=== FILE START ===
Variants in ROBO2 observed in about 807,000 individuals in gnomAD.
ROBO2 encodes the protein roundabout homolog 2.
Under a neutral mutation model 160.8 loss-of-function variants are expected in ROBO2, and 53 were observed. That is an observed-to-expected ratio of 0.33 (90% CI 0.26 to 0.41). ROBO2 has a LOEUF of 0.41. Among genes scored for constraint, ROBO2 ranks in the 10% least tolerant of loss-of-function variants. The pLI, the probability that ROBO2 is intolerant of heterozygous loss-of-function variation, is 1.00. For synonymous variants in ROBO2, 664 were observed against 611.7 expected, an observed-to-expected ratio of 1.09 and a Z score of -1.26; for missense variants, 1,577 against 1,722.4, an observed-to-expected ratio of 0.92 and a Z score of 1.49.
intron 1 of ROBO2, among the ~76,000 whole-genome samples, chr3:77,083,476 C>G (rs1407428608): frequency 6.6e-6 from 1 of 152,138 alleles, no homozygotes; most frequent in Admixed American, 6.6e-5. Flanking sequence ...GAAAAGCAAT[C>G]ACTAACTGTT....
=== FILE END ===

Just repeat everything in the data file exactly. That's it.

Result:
Variants in ROBO2 observed in about 807,000 individuals in gnomAD.
ROBO2 encodes the protein roundabout homolog 2.
Under a neutral mutation model 160.8 loss-of-function variants are expected in ROBO2, and 53 were observed. That is an observed-to-expected ratio of 0.33 (90% CI 0.26 to 0.41). ROBO2 has a LOEUF of 0.41. Among genes scored for constraint, ROBO2 ranks in the 10% least tolerant of loss-of-function variants. The pLI, the probability that ROBO2 is intolerant of heterozygous loss-of-function variation, is 1.00. For synonymous variants in ROBO2, 664 were observed against 611.7 expected, an observed-to-expected ratio of 1.09 and a Z score of -1.26; for missense variants, 1,577 against 1,722.4, an observed-to-expected ratio of 0.92 and a Z score of 1.49.
intron 1 of ROBO2, among the ~76,000 whole-genome samples, chr3:77,083,476 C>G (rs1407428608): frequency 6.6e-6 from 1 of 152,138 alleles, no homozygotes; most frequent in Admixed American, 6.6e-5. Flanking sequence ...GAAAAGCAAT[C>G]ACTAACTGTT....